The second customer speaker at camunda’s community day was Peter Hachenberger from 1&1 Internet, describing how they use Signavio and camunda BPM to create their Process Platform, which is in turn used by their clients’ developers for building and executing automated processes. His presentation was primarily about the details of their technical implementation of the platform; they have built some fairly comprehensive tools for monitoring and managing executing processes, many of which are facilitated by changes that they made to the core process engine, including retry behavior, process ID generator, multiple business keys, an asynchronous process starter API, an extended REST API and a few new commands. Since camunda BPM is open source, any customer such as 1&1 can take a copy of the code and make changes to it, optionally returning them to the community if they are valuable to others. There’s a bit of danger in this, in that if you make changes to core functionality (such as the engine) rather than create an extension or plug-in, and those changes do not end up back in the community version, you’re not only on your own for future development on those components but may not be able to upgrade to future versions.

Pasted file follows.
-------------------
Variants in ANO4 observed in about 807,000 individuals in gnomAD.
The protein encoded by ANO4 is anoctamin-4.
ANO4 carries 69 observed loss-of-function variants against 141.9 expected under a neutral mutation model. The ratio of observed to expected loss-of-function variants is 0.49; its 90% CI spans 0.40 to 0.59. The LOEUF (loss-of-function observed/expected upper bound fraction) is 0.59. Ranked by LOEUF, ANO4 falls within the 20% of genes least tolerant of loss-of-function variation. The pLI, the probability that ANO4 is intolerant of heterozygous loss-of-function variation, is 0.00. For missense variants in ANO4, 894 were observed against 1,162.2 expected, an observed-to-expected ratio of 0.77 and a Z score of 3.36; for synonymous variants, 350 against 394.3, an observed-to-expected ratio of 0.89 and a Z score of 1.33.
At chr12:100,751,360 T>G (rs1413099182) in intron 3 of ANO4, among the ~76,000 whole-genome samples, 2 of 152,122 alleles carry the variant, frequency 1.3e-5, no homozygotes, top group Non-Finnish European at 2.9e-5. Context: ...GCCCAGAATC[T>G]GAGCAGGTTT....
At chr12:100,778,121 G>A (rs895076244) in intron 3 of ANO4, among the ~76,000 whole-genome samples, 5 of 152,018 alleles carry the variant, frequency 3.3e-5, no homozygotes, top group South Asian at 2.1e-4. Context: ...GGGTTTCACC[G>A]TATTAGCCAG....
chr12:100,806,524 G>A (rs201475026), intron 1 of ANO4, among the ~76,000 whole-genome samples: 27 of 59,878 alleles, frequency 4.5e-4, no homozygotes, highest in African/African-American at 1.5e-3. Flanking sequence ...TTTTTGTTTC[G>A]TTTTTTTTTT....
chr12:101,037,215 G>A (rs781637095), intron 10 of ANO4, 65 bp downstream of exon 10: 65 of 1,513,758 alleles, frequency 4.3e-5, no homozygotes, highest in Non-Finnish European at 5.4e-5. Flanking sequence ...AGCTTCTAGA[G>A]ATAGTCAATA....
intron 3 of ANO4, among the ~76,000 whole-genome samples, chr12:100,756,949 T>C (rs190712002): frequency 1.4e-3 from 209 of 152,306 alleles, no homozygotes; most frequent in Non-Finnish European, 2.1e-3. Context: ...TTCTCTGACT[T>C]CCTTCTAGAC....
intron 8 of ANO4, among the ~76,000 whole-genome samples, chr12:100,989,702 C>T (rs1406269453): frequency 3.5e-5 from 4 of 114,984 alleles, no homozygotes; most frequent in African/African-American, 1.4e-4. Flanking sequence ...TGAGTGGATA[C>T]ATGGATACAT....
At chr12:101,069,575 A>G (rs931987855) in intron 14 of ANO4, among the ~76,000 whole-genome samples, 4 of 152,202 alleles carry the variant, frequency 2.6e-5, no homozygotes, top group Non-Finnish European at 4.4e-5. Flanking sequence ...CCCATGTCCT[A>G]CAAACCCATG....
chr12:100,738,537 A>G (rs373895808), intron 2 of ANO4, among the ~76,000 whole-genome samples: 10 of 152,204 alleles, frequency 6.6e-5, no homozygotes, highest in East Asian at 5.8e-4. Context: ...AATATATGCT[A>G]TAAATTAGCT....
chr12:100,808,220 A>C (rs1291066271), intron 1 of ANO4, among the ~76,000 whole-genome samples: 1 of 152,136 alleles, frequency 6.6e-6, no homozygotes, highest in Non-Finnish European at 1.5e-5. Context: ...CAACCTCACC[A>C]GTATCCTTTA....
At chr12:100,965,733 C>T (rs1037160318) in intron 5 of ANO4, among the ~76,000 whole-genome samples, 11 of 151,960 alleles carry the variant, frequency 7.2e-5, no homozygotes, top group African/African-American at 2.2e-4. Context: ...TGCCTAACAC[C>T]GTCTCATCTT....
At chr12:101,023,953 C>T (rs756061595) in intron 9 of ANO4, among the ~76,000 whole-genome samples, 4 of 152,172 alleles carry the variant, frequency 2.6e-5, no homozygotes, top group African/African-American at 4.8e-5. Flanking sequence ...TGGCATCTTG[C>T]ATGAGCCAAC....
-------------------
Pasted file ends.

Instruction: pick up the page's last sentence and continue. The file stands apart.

We had a number of short (10 minute) presentations from community members to discuss extensions that they are working on:
- Grails plugin to add camunda functionality to Grails applications
- OSGi module extension for greater flexibility and configurability at runtime, including sharing process engines as services
- Elasticsearch extension to write camunda BPM history data to an elasticsearch cluster to allow full-text searching, enabling more comprehensive analytics
- camunda mocking extensions for process testing with mockito
- Cockpit plugin to add interactive graphs and some statistical calculations (e.g., aggregation, regression, min/max) for process monitoring directly on the camunda history database
Some of these extension projects were done by camunda employees, but great to see the external community contributions as well.